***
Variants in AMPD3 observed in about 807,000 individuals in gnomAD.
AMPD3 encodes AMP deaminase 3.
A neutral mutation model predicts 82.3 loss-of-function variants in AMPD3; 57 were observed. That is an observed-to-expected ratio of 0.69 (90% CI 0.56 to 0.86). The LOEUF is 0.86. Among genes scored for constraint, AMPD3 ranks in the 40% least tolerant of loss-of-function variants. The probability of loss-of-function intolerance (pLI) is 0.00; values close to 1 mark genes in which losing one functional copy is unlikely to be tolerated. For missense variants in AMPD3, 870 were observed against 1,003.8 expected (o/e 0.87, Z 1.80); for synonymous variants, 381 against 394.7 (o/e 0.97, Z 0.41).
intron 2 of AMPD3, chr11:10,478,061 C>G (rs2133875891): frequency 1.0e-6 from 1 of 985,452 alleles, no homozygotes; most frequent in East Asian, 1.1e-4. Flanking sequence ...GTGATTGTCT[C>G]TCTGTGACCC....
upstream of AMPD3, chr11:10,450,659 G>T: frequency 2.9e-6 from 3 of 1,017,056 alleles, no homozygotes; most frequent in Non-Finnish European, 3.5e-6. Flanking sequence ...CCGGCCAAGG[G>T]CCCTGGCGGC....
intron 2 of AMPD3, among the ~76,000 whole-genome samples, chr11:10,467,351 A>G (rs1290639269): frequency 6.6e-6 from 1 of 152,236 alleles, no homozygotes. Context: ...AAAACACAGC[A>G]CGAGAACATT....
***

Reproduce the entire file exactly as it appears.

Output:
Variants in AMPD3 observed in about 807,000 individuals in gnomAD.
AMPD3 encodes AMP deaminase 3.
A neutral mutation model predicts 82.3 loss-of-function variants in AMPD3; 57 were observed. That is an observed-to-expected ratio of 0.69 (90% CI 0.56 to 0.86). The LOEUF is 0.86. Among genes scored for constraint, AMPD3 ranks in the 40% least tolerant of loss-of-function variants. The probability of loss-of-function intolerance (pLI) is 0.00; values close to 1 mark genes in which losing one functional copy is unlikely to be tolerated. For missense variants in AMPD3, 870 were observed against 1,003.8 expected (o/e 0.87, Z 1.80); for synonymous variants, 381 against 394.7 (o/e 0.97, Z 0.41).
intron 2 of AMPD3, chr11:10,478,061 C>G (rs2133875891): frequency 1.0e-6 from 1 of 985,452 alleles, no homozygotes; most frequent in East Asian, 1.1e-4. Flanking sequence ...GTGATTGTCT[C>G]TCTGTGACCC....
upstream of AMPD3, chr11:10,450,659 G>T: frequency 2.9e-6 from 3 of 1,017,056 alleles, no homozygotes; most frequent in Non-Finnish European, 3.5e-6. Flanking sequence ...CCGGCCAAGG[G>T]CCCTGGCGGC....
intron 2 of AMPD3, among the ~76,000 whole-genome samples, chr11:10,467,351 A>G (rs1290639269): frequency 6.6e-6 from 1 of 152,236 alleles, no homozygotes. Context: ...AAAACACAGC[A>G]CGAGAACATT....